In 39 days, my stint with my current employer ends. I started packing my offices this weekend.
Click for source
Because I wear several hats at this job, I have two spaces: one in the clinical department, and one in the building that houses my lab. The latter has a better window and view, so it also has my presence most of the time. It is full of stuff, and packing it up will be a painful process.
My clinical digs ended up in 4 plastic tubs, each holding 62 liters. One piece of artwork proved too big to tub, as did a plastic organizer. The most interesting chore this weekend happened in the lab office, where my reprints get filed.
When I started my fellowship, I began collecting articles on a new scale. For you youngsters who never experienced the pre-internet, pre-PDF world, articles used to only come in dead tree form. Looking one up required a trip to the library; keeping a copy in your office, especially one you often wanted to give students to read, made perfect sense. Anything you planned to cite also got filed. Who wants to photocopy something AGAIN, after all. If your library did not subscribe to the journal in question, they used an interlibrary loan system to get papers from someone who had it. This sort of dead tree + US mail process could take 2 or 3 weeks.
At first, my precious papers got classified by topic. While the article might be in my file, this system meant I had to remember what topic I assigned to it, or I had to cross file it in multiple locations. Computers helped, but EndNote revolutionized the process. References could be assigned keywords for searches, and a numbered file rapidly replaced my categorical system. Over time, information from PubMed could be used to directly populate the database, further streamlining the process.
During the last 5 years, my files dwindled. Not because I read less, but because I filed fewer paper copies. Instead, PDFs on a hard drive got linked to their EndNote entries, retrievable whenever desired. This spring I began playing with Mendeley, a free, online reference manager with a collaborative, Web 2.0 vibe as well. It will be used for my next manuscript. Its creators made it easy to import all of my EndNote data, so it all resides in this new place as well.
As I get ready to shift life 500 miles to the southwest, I made a decision to go paperless. Moving 2 lateral file drawers of papers seems silly. I acquired a new scanner with a fast feed and OCR mechanism for the job, and yesterday I went through references 1-700.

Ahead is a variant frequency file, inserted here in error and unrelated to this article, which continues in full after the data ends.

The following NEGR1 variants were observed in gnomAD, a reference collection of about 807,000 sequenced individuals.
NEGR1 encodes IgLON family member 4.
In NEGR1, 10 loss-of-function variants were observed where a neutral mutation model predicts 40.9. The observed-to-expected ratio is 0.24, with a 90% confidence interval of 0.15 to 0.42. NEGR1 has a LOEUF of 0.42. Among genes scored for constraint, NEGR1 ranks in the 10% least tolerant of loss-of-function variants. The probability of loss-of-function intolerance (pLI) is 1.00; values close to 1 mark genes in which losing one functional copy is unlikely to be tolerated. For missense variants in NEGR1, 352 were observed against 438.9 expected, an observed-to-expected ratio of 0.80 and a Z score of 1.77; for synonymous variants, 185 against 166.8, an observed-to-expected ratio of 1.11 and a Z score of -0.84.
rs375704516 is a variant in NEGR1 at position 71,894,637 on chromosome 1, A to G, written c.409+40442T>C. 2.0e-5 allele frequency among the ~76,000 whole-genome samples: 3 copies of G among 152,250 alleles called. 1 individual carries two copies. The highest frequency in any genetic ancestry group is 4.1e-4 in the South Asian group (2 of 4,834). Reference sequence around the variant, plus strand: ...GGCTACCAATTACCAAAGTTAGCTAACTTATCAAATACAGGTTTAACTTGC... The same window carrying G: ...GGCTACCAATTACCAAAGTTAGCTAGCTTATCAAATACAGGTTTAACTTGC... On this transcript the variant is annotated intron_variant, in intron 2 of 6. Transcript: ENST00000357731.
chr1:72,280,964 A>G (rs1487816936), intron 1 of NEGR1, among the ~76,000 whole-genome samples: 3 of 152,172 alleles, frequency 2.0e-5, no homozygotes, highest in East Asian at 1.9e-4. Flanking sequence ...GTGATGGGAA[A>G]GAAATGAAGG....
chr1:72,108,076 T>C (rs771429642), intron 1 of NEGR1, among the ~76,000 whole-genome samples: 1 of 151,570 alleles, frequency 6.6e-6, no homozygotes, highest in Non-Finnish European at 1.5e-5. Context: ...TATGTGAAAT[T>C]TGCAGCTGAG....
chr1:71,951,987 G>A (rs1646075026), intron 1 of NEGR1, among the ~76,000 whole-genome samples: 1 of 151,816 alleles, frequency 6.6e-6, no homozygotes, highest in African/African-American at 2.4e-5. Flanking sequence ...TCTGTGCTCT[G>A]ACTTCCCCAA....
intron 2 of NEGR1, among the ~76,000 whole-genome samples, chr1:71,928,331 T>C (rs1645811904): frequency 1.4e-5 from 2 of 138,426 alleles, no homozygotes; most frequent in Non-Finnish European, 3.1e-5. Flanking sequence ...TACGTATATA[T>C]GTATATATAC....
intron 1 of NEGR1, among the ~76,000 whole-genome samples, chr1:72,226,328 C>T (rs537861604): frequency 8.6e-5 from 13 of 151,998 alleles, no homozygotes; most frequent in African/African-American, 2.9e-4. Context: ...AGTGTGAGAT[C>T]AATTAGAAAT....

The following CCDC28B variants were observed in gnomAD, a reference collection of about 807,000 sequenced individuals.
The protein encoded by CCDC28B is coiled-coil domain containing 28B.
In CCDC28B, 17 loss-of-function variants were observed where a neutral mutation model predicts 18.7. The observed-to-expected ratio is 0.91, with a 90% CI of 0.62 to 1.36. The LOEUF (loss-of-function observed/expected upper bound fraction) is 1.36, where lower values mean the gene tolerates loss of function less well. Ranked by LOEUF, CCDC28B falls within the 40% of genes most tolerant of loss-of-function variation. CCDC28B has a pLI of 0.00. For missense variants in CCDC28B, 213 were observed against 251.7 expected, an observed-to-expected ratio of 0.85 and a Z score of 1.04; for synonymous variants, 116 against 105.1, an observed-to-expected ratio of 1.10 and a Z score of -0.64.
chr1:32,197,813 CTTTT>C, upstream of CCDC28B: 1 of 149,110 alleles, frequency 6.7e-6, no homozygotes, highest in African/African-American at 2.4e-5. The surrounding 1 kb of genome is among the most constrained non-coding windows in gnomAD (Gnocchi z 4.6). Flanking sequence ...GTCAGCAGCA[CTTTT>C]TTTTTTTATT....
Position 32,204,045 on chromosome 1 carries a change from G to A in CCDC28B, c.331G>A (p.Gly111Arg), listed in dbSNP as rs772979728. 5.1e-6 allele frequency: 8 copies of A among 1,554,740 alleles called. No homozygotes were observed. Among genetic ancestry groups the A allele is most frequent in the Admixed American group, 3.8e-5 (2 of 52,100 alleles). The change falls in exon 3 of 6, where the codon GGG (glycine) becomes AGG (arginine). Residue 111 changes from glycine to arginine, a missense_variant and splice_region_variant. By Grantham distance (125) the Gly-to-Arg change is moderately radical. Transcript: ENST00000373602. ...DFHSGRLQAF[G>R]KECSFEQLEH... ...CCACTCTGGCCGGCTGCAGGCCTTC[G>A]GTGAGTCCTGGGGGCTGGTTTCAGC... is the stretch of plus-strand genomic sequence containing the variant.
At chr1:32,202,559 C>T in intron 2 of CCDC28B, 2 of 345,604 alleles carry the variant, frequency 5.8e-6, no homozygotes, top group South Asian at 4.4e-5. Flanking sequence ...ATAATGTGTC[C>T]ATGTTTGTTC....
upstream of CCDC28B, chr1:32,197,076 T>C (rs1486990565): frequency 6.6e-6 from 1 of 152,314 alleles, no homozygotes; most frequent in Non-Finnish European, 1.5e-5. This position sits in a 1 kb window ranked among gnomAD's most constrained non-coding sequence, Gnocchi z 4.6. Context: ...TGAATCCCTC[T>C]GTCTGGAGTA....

Given the time costs of retrieving articles pre-internet, any article with a sliver of potential future use got filed. I knew that there were important background references in these files, but a lot of crap remained as well. The first few folders contained many pieces that were presented at journal clubs, and a number of reviews of clinical problems I faced in those years of fellowship training. Then I hit the section when my laboratory work began. Several book chapters on stereology got scanned, as did other technical references that I cite to this day. Some historical references, like Kimmelstiel and Wilson's initial description of diabetic kidney disease, went through the scanner; not too many journals have digitized their entire archives. Something that old (1936) might not be readily retrievable yet.
Click for source
As I went through the files in chronological order, it proved to be a journey through my career and interests. Sudden clusters of articles on a given topic signaled my foray into kidney size and hypertension, or the burden of kidney disease in African Americans. Projects that never reached their potential are now remembered again, alongside the ones that bore academic fruit.
Tomorrow I begin to address the remaining 1100 or so articles that remain in my files. Initially, I dreaded this chore, but it has been a fond trip through my past at work. As I begin a new direction in my career, it is sort of nice to see where I came from. And to rid myself of a load of paper.